Data and insight is the seasoning but not the main event when it comes to music marketing, according to Daniel Hall, senior director of insight and planning at Sony Music.
Hall, who spoke at the third day-time session of MEC Music Week about using data to unlock insights and plan better brand campaigns in music, cited how Sony had used data to boost sales of One Direction’s third album to increase understanding in to what audiences’ connect with as the boys come of age.
He referred to four major music industry transitions that have happened recently: firstly, physical to digital, secondly, desktop to mobile, thirdly, ‘a la carte’ to streaming and, finally, the emergence of playlists.
“Big data is a tool,” Hall said, “A way to get deeper insight in to who your artist is and who your audience is.” It helps understand the who, what, when and how but not the why, he continued.
Hall also pointed out that the music industry has always been very data driven, following the charts for information. Analytics are now used to decide which song to release and explain different demographics, with data on reach, frequency and how often a track has been added to consumers’ playlists being available only 15 minutes after a song is uploaded.
“The bat phone rings and we’re able to say ‘this appeals’,” said Hall.
Collecting brand affinity data is now allowing companies to identify the best matches between artists and brands to create a content series, according to Hall. However, he said that truthfully this data only ever gives a starting point.
In conclusion, Hall said that with regards to problem solving, data is used to ‘celebrate the hits and bury the dead’, with the future focused on digital as opposed to physical recordings.
Making Spotify sexier
Account director at Spotify and Echo Nest Tom Kitchen said that data was used to look into how his company can be a bit ‘sexier’. He went on to explain how Spotify had used data to identify forthcoming stars, develop brand partnerships like Starbucks and Uber and identify trends like a streaming surge when an artist dies.
For example, Spotify has noticed a correlation between stories relating to space is in the news and increased streaming of Aerosmith’s ‘I Don’t Want To Miss a Thing’.
Other factors that Kitchen discussed included analysis of ‘danceability’ vs energy, and the relevance of playlist titles.
He went on to discuss forthcoming Spotify advances, including a running app, ‘Moments’ which will suggest different music and content depending upon the time of day and a recommendations feature which will help spot stars of the future first. Another new development is Discover Weekly, a playlist of about twenty songs tailored to the listener based on their current preferences, which will be delivered straight to consumers’ inboxes each week.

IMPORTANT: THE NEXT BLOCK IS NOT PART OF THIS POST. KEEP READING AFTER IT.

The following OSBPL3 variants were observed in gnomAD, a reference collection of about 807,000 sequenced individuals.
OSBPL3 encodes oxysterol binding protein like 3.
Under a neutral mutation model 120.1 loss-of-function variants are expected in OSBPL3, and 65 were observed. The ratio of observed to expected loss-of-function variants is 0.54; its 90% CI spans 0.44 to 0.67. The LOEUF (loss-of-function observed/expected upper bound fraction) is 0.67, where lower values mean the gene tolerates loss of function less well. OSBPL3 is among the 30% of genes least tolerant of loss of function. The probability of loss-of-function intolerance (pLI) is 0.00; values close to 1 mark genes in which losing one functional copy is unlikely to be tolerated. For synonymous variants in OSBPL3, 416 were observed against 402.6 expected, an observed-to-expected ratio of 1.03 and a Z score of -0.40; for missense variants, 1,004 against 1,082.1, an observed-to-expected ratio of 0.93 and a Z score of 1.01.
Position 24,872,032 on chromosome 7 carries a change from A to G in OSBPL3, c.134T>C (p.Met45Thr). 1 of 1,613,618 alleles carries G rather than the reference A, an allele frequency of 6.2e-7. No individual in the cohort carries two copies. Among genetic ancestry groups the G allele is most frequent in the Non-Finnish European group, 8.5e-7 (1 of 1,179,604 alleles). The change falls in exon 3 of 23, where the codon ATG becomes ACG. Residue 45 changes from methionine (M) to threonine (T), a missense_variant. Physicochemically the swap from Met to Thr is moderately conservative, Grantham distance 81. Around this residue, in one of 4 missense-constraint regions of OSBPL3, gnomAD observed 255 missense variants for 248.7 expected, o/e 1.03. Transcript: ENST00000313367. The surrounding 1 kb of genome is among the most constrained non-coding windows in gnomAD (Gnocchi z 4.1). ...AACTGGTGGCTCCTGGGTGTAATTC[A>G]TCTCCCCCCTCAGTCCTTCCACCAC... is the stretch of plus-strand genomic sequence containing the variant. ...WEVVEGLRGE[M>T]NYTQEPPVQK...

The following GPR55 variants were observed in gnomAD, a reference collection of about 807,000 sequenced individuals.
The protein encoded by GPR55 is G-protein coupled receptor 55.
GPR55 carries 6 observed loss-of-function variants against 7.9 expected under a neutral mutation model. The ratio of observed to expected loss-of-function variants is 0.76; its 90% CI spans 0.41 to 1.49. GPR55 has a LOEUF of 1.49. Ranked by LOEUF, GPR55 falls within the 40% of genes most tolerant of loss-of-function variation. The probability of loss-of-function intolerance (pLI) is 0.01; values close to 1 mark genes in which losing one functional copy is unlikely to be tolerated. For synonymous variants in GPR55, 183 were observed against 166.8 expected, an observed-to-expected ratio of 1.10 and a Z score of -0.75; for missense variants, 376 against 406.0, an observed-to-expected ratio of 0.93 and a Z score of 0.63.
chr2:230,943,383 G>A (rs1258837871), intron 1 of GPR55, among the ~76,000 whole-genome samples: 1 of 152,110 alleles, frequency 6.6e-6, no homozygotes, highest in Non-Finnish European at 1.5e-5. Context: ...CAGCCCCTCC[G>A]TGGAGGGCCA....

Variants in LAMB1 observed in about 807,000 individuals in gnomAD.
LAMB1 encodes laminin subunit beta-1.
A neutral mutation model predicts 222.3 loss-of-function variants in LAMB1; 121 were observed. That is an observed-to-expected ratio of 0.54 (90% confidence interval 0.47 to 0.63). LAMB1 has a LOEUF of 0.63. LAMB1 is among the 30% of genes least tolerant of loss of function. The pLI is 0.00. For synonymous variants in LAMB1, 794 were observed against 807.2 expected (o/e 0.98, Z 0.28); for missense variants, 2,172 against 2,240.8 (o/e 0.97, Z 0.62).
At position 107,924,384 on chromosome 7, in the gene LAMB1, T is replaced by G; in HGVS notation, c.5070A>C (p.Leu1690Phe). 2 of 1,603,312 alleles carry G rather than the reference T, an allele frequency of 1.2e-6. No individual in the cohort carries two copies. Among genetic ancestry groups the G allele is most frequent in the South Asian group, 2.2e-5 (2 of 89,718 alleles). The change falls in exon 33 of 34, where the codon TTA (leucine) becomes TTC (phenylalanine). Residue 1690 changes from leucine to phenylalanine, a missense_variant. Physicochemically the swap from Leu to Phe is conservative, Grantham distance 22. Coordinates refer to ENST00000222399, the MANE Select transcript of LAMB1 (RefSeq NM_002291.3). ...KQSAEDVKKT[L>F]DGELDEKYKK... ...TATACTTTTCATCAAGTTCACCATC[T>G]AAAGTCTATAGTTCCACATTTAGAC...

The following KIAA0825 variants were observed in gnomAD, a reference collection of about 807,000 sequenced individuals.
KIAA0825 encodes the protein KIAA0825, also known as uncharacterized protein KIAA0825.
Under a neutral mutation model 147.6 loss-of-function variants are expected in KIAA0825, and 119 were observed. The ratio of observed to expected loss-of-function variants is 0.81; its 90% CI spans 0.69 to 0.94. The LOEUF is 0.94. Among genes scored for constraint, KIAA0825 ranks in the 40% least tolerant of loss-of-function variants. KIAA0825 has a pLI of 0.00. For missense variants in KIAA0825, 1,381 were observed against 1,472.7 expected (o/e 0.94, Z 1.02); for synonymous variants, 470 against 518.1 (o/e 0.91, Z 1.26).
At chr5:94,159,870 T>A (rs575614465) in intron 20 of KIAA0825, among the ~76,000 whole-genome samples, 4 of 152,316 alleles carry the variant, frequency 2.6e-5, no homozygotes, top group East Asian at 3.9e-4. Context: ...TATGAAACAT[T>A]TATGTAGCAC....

Kitchen concluded by saying that the future of the music industry lay in live music and streaming.
“If you have static research, by the time you finish it, it could be out of date, so the fusion with the behavioural data of what people are actually listening to is really interesting, giving a complete story line of what people say they do and what they do do.”
Throughout MEC Music Week, speakers from Twitter, LoveLive, Facebook, Sky, C4 and ITV amongst others have talked about brand partnerships, social and music brand campaigns and the future of music on TV. The concluding talk on 18 September will see key social media platforms Twitter and Facebook showcase their latest tools and innovations, using music campaigns as case studies to demonstrate how social networking is revolutionizing the music business.
Mark Knight, strategy director at MEC, said the purpose of the week was to encourage people to consider all the different ways that music could be used.
“The big challenge for music is that it’s always so fast paced, what’s hot one minute is not the next,” Knight said. “If you have static research, by the time you finish it, it could be out of date, so the fusion with the behavioural data of what people are actually listening to is really interesting, giving a complete story line of what people say they do and what they do do.”